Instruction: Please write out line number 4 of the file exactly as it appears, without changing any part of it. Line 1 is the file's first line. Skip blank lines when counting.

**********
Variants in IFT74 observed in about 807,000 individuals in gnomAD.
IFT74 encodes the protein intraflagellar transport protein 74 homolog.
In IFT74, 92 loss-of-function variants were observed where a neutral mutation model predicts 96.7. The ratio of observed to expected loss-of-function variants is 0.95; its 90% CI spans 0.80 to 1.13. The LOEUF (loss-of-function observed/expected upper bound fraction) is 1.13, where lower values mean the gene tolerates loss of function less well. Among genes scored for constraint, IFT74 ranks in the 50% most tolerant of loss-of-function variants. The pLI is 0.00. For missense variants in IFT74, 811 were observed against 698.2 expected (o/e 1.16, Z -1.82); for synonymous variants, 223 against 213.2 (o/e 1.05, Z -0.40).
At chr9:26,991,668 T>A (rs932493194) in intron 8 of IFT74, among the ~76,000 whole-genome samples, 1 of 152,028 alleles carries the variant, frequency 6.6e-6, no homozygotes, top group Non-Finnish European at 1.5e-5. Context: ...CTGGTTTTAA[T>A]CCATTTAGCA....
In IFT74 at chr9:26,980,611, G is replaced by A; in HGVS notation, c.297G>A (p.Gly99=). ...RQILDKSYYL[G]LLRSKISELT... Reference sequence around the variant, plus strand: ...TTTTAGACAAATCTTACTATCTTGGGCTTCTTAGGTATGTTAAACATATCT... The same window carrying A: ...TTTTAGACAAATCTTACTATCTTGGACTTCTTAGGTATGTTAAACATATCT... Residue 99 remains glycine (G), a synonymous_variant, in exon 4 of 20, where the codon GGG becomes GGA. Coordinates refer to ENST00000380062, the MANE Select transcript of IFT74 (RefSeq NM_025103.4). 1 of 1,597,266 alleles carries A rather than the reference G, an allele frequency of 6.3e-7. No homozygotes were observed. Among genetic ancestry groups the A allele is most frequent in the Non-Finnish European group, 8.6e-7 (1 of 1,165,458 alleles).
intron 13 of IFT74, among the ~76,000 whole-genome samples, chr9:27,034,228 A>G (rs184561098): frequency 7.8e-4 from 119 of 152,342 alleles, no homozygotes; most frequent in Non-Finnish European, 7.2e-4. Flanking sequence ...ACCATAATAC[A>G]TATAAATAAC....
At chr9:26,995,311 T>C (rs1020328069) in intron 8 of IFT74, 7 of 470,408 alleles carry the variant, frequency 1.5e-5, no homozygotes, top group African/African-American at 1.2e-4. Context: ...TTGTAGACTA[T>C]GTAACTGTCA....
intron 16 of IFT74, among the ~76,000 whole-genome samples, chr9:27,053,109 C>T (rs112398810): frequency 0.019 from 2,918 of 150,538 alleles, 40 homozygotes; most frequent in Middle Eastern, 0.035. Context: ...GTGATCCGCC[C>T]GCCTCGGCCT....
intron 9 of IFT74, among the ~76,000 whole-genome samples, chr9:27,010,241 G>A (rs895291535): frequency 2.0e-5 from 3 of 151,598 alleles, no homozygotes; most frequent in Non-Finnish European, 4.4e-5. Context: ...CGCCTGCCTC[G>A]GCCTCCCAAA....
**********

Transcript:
At chr9:26,991,668 T>A (rs932493194) in intron 8 of IFT74, among the ~76,000 whole-genome samples, 1 of 152,028 alleles carries the variant, frequency 6.6e-6, no homozygotes, top group Non-Finnish European at 1.5e-5. Context: ...CTGGTTTTAA[T>A]CCATTTAGCA....